At the beginning of act 2, scene 1 in Romeo and Juliet, Romeo climbs over the wall of Capulet's orchard, leaving Benvolio and Mercutio to look for him. It is Mercutio, inevitably, who starts trying to lure Romeo out of hiding by speaking of Rosaline, with whom he assumes Romeo is still in love. First of all, he talks of love in the most general terms, calling upon Romeo facetiously as a lover and a poet:
Appear thou in the likeness of a sigh!
Speak but one rhyme, and I am satisfied.
Cry but "Ay me!" Pronounce but "love" and "dove."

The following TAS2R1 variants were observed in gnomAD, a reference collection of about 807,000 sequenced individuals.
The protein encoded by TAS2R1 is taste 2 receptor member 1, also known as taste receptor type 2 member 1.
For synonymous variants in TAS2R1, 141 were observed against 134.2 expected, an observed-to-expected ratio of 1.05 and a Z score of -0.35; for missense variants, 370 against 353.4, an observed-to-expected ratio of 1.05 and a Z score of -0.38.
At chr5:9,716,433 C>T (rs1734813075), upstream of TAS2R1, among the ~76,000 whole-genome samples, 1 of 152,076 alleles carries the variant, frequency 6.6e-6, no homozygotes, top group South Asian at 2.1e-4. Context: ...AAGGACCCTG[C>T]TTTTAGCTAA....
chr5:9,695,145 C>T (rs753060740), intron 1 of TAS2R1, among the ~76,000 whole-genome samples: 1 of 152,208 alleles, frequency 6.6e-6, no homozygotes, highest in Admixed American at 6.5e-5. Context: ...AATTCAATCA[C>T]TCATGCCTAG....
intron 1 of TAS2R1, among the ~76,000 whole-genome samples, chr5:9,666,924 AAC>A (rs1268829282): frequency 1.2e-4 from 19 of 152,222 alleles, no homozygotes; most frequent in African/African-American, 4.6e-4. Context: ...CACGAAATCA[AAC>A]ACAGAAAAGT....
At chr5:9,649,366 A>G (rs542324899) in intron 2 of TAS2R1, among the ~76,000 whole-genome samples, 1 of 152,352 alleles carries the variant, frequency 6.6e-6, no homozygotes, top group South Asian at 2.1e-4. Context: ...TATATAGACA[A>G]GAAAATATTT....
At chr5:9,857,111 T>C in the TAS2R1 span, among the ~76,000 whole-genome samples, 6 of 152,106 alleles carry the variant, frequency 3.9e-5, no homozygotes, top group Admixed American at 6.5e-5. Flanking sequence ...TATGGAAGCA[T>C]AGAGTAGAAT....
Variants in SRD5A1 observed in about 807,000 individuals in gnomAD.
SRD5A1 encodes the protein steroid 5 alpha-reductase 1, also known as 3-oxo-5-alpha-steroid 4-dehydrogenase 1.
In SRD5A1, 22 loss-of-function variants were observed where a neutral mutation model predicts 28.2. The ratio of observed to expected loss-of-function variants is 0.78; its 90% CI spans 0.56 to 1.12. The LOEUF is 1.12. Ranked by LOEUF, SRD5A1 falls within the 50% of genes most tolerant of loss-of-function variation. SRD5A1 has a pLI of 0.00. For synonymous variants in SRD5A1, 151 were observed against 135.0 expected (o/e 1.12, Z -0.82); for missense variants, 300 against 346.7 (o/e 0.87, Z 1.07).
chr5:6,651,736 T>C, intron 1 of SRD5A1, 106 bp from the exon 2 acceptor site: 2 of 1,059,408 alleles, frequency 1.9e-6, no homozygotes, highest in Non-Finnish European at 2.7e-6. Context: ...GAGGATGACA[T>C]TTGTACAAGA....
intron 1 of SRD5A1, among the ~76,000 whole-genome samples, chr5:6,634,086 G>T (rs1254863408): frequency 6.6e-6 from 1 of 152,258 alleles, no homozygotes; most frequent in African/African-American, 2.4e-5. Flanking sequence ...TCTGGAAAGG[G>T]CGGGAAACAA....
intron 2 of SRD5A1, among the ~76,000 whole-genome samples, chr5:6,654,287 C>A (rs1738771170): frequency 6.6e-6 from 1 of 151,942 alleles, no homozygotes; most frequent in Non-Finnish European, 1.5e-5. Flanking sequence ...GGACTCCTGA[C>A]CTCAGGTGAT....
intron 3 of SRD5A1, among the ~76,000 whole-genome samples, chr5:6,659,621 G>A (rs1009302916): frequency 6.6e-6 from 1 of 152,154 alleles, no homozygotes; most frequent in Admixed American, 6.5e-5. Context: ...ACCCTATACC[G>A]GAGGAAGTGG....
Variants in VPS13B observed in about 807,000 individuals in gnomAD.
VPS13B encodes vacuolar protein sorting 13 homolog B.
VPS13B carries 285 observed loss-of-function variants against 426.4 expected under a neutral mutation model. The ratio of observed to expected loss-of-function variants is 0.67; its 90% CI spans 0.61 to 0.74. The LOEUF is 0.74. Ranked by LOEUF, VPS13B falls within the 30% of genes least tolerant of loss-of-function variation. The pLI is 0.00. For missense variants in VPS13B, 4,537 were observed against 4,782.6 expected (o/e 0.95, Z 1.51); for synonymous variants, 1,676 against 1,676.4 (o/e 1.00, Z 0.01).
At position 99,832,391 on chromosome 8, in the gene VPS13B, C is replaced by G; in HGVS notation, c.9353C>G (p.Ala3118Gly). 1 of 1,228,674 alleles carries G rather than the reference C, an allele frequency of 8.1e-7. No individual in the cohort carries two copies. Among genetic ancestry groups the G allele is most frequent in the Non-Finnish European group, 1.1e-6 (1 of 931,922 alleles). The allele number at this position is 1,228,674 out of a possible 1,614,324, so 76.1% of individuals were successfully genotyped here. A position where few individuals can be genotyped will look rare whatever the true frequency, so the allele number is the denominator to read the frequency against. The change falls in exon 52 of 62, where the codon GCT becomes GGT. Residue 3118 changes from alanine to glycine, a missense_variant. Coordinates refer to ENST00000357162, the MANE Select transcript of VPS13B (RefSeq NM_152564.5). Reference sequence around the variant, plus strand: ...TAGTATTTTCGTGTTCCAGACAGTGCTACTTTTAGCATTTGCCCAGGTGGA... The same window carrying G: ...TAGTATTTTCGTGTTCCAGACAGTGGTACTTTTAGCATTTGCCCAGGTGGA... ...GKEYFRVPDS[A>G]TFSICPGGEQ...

Soon, however, he begins to talk about Rosaline specifically, referring first to her eyes and lips, then to her "fine foot, straight leg, and quivering thigh."
Benvolio is concerned that Romeo will be angry to hear his beloved so intimately described, but this, of course, is the point. Mercutio is attempting to provoke Romeo into showing himself. When his first attempt fails, he therefore becomes even more outrageous in the sexual symbolism he employs, talking about medlar trees, the fruit of which was thought to resemble certain body parts. If Romeo is listening at all, Mercutio assumes that his chivalry will force him to reveal himself to put an end to such vulgar talk about the woman he loves. However, Romeo is not listening and no longer cares for Rosaline in any case.